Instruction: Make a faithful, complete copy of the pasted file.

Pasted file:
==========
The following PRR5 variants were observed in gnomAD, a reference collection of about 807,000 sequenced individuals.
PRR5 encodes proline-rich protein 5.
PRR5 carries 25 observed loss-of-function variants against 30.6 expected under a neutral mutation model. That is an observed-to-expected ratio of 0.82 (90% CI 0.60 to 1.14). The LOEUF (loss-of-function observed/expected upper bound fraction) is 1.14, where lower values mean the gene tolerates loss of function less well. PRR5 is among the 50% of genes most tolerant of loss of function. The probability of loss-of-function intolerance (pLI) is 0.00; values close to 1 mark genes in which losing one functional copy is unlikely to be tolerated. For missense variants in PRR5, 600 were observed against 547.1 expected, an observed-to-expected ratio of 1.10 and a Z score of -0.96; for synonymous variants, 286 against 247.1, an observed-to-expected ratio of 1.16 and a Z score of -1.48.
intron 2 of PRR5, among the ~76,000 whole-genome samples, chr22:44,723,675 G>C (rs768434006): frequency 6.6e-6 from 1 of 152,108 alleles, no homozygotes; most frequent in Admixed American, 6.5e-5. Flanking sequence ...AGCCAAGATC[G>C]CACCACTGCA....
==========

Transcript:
The following PRR5 variants were observed in gnomAD, a reference collection of about 807,000 sequenced individuals.
PRR5 encodes proline-rich protein 5.
PRR5 carries 25 observed loss-of-function variants against 30.6 expected under a neutral mutation model. That is an observed-to-expected ratio of 0.82 (90% CI 0.60 to 1.14). The LOEUF (loss-of-function observed/expected upper bound fraction) is 1.14, where lower values mean the gene tolerates loss of function less well. PRR5 is among the 50% of genes most tolerant of loss of function. The probability of loss-of-function intolerance (pLI) is 0.00; values close to 1 mark genes in which losing one functional copy is unlikely to be tolerated. For missense variants in PRR5, 600 were observed against 547.1 expected, an observed-to-expected ratio of 1.10 and a Z score of -0.96; for synonymous variants, 286 against 247.1, an observed-to-expected ratio of 1.16 and a Z score of -1.48.
intron 2 of PRR5, among the ~76,000 whole-genome samples, chr22:44,723,675 G>C (rs768434006): frequency 6.6e-6 from 1 of 152,108 alleles, no homozygotes; most frequent in Admixed American, 6.5e-5. Flanking sequence ...AGCCAAGATC[G>C]CACCACTGCA....